Bragging rights up for grabs

Online message boards are lighting up with speculation and predictions.

Die-hard wrestling fans and newcomers alike are buzzing.

The highly anticipated showdown is almost here.

Heaps of hype surround this Friday’s spotlight-worthy wrestling match between the Sedro-Woolley Cubs and the Lake Stevens Vikings. The non-conference dual meet, set to begin at 7 p.m. in the Lake Stevens High School gym, matches arguably the state’s two most dominant programs.

Michael V. Martina / The Herald

Lake Stevens junior Kelly Kubec (above) is a wrestler to watch in Friday’s meet against Sedro-Woolley, the defending Class 3A state champions. Kubec, as well as the Cubs’ Derek Crouter (below) are won individual titles last season at 112 and 103 pounds, respectively.

Sedro-Woolley of the Northwest League has won four straight Class 3A state championships and seven state titles since 1976. Lake Stevens of the Western Conference North Division snared 3A state titles in 1990, 2000 and 2001, a 4A crown in 2004 and was the 4A runner-up last season. Between them, the teams boast four 2005 individual state champs.

“It’s gonna be loud and it’s gonna be fun,” said Ty Human, a Lake Stevens alum. “And I’m not even gonna be wrestling.”

Human, who in 2003 won a state title for Lake Stevens at 135 pounds, has enjoyed a unique vantage point during the pre-meet buildup. As an employee of the Everett-based Wilder Construction Company, Human works alongside several Lake Stevens grads and a handful of S-W supporters. The looming wrestling clash generated quite a flurry of discussion at work, Human said. Everyone, it seems, has an opinion about which powerhouse program will prevail.

“This is gonna be a fun night,” Lake Stevens coach Brent Barnes said, “simply because it’s gonna showcase some really good kids and it will be fun for the whole community to get together. … We’re just gonna go out there and try to give them a good show.”

The meet isn’t short on headliners. Lake Stevens standouts include Kelly Kubec, the 112-pound Class 4A champ last season who now competes at 130; Jon Wilbourne, the runner-up at 189; Billy Moehrle (eighth at 152 in 2004), and Kai VanLueven, a state qualifier at 140. S-W counters with a trio of 2005 3A state champs – Derek Crouter (won at 103, now at 112), Patrick O’Neil (135) and Michael Lomsdalen (won at 140, now at 145) – and several talented state placers and newcomers.

“They are absolutely loaded … and they have good, young kids who just step in (and perform),” Barnes said of S-W, which won the 16-team Skagit Invite on Saturday.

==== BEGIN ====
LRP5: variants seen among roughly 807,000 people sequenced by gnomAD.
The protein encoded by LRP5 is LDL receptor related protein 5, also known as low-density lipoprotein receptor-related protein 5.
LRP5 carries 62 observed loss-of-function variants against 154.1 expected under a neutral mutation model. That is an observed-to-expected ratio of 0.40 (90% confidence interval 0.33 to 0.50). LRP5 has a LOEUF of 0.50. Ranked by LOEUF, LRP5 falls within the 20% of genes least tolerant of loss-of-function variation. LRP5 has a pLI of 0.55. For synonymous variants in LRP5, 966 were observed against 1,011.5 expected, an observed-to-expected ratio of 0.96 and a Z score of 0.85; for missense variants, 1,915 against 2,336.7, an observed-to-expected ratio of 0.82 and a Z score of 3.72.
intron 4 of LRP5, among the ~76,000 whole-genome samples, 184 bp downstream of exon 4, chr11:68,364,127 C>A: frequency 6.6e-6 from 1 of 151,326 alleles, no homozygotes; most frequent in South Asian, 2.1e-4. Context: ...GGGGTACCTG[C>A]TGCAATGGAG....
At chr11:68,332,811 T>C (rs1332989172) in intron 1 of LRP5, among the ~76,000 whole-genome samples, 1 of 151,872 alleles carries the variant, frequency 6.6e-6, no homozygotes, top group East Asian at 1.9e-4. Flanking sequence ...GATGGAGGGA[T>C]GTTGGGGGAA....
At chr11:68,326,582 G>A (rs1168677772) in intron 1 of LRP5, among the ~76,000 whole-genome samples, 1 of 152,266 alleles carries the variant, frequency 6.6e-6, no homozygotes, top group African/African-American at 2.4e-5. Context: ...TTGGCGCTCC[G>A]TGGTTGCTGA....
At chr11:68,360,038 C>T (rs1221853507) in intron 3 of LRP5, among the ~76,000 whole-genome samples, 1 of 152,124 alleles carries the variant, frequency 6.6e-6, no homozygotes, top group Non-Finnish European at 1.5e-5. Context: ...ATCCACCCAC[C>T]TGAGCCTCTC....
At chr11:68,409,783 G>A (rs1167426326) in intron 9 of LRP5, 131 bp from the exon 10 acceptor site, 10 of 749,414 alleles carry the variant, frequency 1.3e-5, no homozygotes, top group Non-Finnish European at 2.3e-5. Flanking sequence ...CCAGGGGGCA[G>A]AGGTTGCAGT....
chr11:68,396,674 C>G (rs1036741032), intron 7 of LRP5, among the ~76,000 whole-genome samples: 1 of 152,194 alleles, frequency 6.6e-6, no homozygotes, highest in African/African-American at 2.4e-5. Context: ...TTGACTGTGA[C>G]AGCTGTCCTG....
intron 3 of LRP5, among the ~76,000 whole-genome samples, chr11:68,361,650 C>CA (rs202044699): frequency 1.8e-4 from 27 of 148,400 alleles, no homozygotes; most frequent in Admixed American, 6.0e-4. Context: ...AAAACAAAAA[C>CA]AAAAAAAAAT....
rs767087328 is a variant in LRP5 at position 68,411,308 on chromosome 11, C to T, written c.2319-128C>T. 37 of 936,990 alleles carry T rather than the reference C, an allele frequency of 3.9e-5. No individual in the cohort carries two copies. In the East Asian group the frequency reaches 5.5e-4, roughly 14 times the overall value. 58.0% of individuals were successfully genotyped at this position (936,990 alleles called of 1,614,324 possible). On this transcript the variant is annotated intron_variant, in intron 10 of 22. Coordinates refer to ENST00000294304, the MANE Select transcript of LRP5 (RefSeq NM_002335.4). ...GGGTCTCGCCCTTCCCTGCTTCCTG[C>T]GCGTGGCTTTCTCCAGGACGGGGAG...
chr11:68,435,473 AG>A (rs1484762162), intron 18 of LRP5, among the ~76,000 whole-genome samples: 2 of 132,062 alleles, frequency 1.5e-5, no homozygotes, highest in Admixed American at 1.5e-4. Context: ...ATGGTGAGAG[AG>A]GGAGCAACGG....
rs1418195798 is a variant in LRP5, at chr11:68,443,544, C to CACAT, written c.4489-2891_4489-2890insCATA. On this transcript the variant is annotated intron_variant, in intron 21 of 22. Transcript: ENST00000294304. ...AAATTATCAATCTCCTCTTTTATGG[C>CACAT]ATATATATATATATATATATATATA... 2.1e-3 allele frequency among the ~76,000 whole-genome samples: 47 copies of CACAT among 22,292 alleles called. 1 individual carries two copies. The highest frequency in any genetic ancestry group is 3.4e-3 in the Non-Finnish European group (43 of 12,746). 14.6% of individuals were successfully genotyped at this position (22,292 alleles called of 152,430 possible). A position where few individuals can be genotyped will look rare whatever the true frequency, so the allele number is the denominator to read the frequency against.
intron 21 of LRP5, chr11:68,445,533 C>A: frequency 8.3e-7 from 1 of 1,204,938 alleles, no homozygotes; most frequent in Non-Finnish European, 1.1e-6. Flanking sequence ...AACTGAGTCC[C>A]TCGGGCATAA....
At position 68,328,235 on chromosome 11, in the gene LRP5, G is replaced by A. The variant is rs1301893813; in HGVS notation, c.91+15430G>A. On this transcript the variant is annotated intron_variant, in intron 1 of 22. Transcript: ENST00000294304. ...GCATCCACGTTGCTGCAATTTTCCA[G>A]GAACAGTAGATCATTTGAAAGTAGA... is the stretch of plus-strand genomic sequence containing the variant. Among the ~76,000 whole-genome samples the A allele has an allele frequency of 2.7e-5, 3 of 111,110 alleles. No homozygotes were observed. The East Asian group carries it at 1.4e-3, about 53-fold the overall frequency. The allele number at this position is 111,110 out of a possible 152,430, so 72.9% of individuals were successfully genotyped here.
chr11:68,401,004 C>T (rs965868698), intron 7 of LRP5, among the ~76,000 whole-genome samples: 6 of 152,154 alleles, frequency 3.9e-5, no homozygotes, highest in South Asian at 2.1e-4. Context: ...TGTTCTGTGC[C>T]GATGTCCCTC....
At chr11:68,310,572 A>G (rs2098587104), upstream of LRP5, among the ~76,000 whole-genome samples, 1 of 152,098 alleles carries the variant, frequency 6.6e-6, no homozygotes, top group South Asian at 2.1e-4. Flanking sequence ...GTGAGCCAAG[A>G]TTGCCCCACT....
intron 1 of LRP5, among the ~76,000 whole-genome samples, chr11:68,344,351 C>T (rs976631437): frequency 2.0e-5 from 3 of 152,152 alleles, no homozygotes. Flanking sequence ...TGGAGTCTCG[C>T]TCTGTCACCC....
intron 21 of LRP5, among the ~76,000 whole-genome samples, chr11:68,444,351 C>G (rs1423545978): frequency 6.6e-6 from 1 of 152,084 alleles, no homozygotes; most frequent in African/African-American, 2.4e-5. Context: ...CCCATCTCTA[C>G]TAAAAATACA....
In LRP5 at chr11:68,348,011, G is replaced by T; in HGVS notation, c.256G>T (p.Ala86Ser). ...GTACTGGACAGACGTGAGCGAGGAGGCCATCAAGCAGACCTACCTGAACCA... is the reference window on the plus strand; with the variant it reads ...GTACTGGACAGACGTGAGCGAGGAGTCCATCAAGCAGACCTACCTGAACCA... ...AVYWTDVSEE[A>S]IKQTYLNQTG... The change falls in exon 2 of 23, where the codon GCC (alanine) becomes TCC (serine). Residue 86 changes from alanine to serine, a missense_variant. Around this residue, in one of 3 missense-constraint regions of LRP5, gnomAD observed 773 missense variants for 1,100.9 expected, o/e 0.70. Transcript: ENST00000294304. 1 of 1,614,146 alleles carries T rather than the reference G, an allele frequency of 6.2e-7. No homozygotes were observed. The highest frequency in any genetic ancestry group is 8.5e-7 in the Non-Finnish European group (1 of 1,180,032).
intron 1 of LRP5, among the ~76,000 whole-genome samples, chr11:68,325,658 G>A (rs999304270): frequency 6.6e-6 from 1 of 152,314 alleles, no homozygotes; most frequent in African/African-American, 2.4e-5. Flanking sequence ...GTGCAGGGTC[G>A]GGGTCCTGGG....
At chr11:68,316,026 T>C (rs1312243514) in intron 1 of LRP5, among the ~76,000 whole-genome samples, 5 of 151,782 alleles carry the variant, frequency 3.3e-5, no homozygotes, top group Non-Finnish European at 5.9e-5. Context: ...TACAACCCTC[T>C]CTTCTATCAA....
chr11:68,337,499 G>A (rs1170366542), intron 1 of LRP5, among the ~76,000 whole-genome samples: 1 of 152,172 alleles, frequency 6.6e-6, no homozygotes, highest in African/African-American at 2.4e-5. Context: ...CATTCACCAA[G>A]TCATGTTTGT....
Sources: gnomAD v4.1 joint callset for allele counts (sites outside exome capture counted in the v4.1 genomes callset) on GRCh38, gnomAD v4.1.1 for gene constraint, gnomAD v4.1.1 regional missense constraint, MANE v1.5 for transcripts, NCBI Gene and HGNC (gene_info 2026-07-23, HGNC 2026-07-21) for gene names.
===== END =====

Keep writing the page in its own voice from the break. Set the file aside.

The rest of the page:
Friday’s meet marks S-W’s first dual meet against Lake Stevens since the 1999-2000 season. According to Barnes and S-W coach Jay Breckenridge, Lake Stevens won the most recent clash by a single point.

Remarkable success and geography aren’t the only connections between S-W and Lake Stevens. During the summer, several Cubs make the 45-mile drive south a few times each week to hone their skills in the Lake Stevens Wrestling Club. The interaction has spawned respect and familiarity among the grapplers.

“We get along pretty good. It’s kind of a friendly rivalry because they’re so close to us and they’re so dominant they’re kind of in the same position as us,” Kubec of Lake Stevens said. “We’re two powerhouses going against each other.”

So who’s going to win? It largely depends on how the coaches juggle their potent lineups. Barnes might bump Kubec up to 135 pounds to face O’Neil in what would be a must-see battle. Other potential highlight bouts include VanLueven versus Lomsdalen at 140, and the 152-pound matchup of Moehrle against Patrick Janicki, who placed sixth last season at the Class 3A state meet.

“It’s been a real good match any time that (Lake Stevens and Sedro-Woolley) have hooked up,” said Barnes, who expects a massive crowd to pack the Lake Stevens gym.

Expect more of the same Friday, when two colossal squads mix it up in a clash that has had wrestling fans drooling for months.

“Everybody in the whole west side of the state is excited,” Breckenridge said.

“Since the beginning of high school wrestling in the state of Washington, (Sedro-Woolley has) been a powerhouse,” Barnes said. “There’s a little air about them that they have tough, hard-nosed kids.

“We haven’t been around as long, but over the last 18, 19 years we’ve been pushing pretty hard to develop that rich history. I think we’re getting there.”

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